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It is the end of another business day, school-day, peace-keeping day. Soldiers, school children, a handful of tourists, Hasidic Jews all pile on and empty off the bus in drips, droves, coughs and sputters, as the bus navigates the stew of the afternoon rush.

Soldiers are everywhere in Israel; more pronounced in Jerusalem, less visible in Tel Aviv. They are all young. College young. Just- out-of -high -school young. A period of military service is a mandatory part of the young Israelis’ journey into adulthood, for both men and women. This rite-of-passage speaks of the reality of a societal burden as old as the stones in the temple walls here.

Despite the tragedies of life in a war zone, the Israeli culture is vibrant, alive, youthful, expressive, intelligent and friendly. As a stranger-in-a-strange-land, not knowing the native tongue, and unable to read signs and directions, I found myself constantly asking for help, or standing bemused at intersections, gazing at upside-down maps.

People were always helpful, often approaching me and volunteering help before I even asked. A 12-year old girl came up to me on her own, and proceeded to clarify some muddled directions given to me by fellow bus-riders. Two others, both women, offered me the use of their cell phones, when I enquired about pay-phone locations.

People were courteous about offering bus seats to the elderly and infirm. Sitting on the bus from Jerusalem to Tel Aviv, the young man beside me offered me a piece of chewing gum, which I gratefully accepted. Twenty minutes into the trip, he then offered his seat to the young female soldier standing in the aisle of the packed bus. She politely declined, but after his continued insistence she accepted.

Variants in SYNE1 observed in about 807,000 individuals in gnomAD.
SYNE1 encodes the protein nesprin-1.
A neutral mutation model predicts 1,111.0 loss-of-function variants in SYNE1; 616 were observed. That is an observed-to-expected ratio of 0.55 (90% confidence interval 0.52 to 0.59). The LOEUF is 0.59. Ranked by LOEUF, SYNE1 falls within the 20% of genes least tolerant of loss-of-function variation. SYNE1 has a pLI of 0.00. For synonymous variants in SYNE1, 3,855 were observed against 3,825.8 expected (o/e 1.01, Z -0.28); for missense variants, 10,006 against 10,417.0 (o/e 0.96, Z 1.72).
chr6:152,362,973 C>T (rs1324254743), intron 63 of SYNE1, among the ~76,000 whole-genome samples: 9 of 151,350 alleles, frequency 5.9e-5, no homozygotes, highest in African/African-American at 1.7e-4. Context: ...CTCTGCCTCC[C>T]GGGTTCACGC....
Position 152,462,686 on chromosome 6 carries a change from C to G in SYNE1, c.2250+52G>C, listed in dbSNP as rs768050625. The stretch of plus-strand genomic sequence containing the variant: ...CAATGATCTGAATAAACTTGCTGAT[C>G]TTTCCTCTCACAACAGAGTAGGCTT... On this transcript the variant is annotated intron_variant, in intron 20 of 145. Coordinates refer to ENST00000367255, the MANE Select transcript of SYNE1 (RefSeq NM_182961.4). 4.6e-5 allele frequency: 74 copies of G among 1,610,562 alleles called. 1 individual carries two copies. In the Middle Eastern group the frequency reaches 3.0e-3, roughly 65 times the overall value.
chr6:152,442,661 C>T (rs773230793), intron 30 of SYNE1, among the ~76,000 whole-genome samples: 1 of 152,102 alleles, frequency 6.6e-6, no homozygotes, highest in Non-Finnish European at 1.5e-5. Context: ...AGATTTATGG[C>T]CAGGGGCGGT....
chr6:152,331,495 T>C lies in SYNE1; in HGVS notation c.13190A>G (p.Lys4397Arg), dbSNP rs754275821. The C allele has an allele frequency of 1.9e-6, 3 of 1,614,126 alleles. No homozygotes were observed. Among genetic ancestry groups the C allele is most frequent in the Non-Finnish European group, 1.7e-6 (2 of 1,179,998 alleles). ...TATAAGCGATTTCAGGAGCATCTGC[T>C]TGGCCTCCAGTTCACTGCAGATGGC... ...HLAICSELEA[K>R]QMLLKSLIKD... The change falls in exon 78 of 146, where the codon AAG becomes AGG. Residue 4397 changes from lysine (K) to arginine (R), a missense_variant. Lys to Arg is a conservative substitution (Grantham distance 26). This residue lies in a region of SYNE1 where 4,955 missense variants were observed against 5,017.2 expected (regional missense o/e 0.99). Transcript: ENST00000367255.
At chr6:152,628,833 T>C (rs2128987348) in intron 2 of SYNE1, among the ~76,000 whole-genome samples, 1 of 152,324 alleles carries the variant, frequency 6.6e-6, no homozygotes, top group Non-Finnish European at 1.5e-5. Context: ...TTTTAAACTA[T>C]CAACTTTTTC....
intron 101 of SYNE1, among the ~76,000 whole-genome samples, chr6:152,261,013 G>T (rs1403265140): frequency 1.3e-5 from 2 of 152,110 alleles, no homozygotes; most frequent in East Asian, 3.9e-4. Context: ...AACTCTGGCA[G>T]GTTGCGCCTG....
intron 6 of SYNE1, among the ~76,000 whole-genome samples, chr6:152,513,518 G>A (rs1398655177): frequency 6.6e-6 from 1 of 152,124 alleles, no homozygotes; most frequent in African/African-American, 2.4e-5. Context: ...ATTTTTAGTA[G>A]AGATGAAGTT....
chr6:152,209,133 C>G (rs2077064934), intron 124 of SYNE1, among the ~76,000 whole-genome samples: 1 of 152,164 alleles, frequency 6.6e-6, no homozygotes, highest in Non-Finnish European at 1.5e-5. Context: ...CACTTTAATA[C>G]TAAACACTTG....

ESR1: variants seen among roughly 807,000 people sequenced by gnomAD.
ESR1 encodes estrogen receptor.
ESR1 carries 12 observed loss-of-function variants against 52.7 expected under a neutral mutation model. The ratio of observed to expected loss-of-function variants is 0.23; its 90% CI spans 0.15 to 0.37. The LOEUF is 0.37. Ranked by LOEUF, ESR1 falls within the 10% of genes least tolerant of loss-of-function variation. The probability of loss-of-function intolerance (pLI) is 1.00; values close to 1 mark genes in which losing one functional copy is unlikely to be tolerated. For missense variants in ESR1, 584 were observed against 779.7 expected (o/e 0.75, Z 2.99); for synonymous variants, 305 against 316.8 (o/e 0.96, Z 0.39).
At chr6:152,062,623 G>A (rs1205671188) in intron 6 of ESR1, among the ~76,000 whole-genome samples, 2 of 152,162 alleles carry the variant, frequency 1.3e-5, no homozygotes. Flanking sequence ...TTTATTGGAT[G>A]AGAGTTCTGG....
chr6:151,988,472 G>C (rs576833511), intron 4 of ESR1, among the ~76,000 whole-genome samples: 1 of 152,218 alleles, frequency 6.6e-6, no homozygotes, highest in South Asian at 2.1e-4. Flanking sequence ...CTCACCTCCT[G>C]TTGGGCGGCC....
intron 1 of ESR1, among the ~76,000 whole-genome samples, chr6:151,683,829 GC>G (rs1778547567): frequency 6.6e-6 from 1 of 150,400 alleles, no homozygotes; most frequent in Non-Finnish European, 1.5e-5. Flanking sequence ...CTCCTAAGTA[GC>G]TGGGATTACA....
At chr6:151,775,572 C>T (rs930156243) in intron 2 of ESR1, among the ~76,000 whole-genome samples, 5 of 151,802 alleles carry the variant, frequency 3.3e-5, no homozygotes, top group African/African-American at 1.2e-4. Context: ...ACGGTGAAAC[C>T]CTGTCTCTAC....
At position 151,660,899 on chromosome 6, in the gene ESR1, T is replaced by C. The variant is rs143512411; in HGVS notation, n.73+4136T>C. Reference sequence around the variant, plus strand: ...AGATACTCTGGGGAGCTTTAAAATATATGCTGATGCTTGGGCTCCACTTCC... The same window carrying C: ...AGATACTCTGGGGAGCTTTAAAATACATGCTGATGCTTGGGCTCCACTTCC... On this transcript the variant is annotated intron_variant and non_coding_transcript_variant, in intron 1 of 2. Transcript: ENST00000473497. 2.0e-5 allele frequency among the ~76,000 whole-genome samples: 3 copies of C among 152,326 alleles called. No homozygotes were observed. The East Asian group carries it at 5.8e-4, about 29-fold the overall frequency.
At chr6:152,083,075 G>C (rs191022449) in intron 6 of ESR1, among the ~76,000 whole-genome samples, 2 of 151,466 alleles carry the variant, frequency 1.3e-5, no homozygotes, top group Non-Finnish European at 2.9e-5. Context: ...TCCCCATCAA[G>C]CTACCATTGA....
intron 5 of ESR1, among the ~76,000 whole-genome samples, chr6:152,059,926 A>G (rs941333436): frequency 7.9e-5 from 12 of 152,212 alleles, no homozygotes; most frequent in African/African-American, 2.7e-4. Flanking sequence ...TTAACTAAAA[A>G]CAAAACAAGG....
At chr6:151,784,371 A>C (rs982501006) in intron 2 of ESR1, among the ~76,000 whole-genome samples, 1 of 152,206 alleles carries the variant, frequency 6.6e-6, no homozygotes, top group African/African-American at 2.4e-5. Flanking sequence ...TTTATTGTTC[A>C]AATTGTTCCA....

Like many of the young soldiers patrolling the streets, she carries an Uzi sub-machine gun. It rests on her lap; the butt of the gun up against my leg, the muzzle pointed inconspicuously at the rear-end of a standing passenger. I have never shared a bus seat with a sub-machine gun. It is a novel experience. The young soldier plugs in her IPod, cranks up the volume and promptly falls asleep. As the bus negotiates corners and bumps, her knees and shoulder jostle me slightly. Her right hand rests on the action of her gun.

I gaze out the window at the passing scenery: pastoral, green, rolling hills, crumbling walls. I’m amazed at the peace I feel inside. In a kingdom of young soldiers and ancient temples, I feel the contentment of a child in a mother’s arms. The barb-wire fences, armed patrol jeeps, and this lethal, metallic thing resting beside me: surely this all means something. Surely this all speaks loudly of something.

But what this all says to me, is nothing. Nothing. Nothing.

What speaks to me, more and more emphatically as time passes, is the language of the heart – the language of my heart. This is a soft language, a language known by all, a language which is the foundation of life itself.

Its words are not spoken words, but rivers of feeling, droplets of feeling, vast oceans of feeling. Its words are a silent affirmation of the sacredness of life, the sweetness of existence.

In this bus-ride to Tel Aviv, no matter who I saw, all had this same longing in their eyes, all had that same hope, memory, prayer: the longing for life to recognize itself. A longing for the season of peace.

True peace.

A peace beyond words.